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DNV: Today's technology is already capable of reducing emissions

Oslo: Research just published by DNV shows that shipping could achieve a 15% reduction in greenhouse gas emissions on existing ships and with today's technology. Speaking to journalists at Oslo's Shippingklubben on the eve of Norshipping, DNV Deputy CEO Tor Svensen said there is no reason to wait.

In December, at the all-important Copenhagen meeting on climate change, shipping will be expected to have developed proposals on handling GHG emissions, he said. The class society's triple E rating scheme - Environmental and Energy Efficiency, available to all shipping companies whether or not their vessels are DNV-classed - will offer and objective assessment of ships, performance irrespective of age and type of vessel.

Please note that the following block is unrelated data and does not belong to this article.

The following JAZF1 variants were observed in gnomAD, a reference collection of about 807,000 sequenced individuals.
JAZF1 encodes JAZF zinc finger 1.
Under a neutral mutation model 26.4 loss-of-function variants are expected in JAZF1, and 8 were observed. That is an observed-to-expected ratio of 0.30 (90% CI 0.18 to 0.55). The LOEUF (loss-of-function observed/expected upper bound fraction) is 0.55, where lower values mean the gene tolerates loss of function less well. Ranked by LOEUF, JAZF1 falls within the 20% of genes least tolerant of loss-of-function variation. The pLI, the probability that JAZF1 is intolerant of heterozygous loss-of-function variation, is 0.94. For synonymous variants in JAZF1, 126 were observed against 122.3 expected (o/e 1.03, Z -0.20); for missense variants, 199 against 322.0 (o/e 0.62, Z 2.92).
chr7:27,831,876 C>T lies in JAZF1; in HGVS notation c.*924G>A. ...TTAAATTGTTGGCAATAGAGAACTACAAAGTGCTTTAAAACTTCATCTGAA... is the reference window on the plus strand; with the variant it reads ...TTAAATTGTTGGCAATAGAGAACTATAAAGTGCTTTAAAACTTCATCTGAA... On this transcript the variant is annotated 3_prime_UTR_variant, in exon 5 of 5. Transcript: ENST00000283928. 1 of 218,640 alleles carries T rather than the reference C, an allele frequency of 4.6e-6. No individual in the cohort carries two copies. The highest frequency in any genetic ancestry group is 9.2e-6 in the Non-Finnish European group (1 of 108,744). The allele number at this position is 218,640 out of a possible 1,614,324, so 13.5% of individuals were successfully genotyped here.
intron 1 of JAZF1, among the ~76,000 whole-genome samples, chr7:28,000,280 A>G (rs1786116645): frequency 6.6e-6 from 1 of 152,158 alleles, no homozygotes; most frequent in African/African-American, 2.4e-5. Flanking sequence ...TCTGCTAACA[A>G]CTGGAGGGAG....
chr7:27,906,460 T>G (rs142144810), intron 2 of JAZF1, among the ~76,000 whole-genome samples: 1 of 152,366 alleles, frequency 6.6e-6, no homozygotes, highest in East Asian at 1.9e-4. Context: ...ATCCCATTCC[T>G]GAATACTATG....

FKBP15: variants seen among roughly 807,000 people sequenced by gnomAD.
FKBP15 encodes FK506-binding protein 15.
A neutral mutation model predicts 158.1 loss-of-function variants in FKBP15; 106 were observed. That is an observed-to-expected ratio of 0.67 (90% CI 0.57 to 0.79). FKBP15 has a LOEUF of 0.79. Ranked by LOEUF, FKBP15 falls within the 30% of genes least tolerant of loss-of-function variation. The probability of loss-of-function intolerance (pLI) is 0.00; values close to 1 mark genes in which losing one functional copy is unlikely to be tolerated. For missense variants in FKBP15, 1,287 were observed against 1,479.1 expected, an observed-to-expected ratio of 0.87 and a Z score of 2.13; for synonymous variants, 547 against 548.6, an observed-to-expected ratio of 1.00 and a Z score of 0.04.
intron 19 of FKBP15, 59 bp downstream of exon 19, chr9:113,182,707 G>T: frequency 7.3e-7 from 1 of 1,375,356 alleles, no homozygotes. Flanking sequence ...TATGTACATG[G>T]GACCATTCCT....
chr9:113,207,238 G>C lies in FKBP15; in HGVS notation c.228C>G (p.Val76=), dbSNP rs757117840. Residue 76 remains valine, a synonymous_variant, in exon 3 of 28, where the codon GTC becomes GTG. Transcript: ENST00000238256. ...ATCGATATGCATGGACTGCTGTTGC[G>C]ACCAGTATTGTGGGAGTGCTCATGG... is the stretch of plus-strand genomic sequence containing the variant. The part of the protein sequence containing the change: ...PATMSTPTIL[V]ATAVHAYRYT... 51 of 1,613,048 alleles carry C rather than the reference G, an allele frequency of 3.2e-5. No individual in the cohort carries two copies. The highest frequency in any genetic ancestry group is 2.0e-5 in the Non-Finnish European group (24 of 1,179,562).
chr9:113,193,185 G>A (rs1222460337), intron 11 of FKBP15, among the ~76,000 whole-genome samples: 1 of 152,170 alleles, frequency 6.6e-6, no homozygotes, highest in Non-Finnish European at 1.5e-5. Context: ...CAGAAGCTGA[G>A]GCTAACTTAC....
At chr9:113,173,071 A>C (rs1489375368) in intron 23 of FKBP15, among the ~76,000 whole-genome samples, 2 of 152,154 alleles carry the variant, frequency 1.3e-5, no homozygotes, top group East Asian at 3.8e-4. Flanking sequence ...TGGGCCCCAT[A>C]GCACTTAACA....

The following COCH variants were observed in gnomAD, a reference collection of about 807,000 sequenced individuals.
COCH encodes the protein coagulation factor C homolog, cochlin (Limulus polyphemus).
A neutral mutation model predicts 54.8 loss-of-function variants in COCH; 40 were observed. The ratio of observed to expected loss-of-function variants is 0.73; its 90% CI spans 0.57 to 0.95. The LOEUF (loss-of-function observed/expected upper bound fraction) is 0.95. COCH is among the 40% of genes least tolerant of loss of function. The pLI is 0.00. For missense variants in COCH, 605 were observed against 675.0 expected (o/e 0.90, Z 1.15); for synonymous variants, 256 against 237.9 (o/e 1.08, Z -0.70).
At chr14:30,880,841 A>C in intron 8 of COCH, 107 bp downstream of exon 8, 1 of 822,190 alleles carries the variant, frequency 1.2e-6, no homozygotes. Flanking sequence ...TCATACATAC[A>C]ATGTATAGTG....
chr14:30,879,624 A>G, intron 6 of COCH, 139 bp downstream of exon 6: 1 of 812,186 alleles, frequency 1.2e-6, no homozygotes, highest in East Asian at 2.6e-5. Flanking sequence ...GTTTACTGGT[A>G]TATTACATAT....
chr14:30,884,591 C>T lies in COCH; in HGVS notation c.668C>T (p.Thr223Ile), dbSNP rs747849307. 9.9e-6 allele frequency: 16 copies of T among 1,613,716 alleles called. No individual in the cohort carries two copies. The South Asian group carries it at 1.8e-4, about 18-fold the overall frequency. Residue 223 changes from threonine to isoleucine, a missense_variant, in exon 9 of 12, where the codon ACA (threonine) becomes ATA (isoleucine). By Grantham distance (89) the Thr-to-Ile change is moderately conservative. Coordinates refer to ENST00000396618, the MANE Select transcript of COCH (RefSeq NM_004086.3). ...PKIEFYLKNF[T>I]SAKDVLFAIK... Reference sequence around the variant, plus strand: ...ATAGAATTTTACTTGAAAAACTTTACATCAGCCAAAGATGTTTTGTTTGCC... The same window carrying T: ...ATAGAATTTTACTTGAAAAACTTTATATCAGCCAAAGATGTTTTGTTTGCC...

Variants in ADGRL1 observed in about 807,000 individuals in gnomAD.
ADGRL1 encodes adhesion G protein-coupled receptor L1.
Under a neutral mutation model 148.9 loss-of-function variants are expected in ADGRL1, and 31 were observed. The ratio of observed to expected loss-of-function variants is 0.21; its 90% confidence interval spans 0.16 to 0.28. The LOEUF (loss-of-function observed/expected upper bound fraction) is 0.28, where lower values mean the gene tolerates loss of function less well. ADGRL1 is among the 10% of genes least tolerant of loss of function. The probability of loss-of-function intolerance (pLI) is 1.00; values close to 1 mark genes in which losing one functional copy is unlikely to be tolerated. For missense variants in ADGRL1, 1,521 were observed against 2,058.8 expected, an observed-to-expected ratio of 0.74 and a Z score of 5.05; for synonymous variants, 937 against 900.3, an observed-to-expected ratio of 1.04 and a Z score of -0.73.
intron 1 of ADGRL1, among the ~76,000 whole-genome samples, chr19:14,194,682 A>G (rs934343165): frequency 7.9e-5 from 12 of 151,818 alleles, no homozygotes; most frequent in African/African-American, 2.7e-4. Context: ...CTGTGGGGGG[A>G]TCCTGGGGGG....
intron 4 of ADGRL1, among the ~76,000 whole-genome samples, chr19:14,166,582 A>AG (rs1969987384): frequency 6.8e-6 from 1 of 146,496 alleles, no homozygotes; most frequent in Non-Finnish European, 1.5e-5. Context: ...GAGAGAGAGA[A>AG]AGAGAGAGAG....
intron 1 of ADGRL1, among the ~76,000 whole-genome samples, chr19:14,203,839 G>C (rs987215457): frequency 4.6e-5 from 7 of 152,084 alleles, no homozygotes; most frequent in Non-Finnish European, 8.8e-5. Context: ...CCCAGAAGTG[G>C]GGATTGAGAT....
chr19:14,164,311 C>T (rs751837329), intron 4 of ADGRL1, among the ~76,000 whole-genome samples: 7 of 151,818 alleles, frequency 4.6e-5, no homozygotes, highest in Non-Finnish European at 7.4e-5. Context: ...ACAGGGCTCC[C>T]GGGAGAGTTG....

For existing ships, speed management, optimised trim for all drafts and speeds, weather routeing, and hull and propeller roughness are all key factors in the energy-saving equation, Svensen said, and should not cost owners anything in terms of capital expenditure.

For new vessels, optimised hull forms, changes to propulsion systems and the introduction of new energy-saving technology could result in a 50% cut in CO2 emissions by 2030, he said. And, in an increasingly competitive charter market, many charterers would be looking to fix the most energy-efficient tonnage, particularly if they were picking up the bill for bunkers.  [09/06/09]

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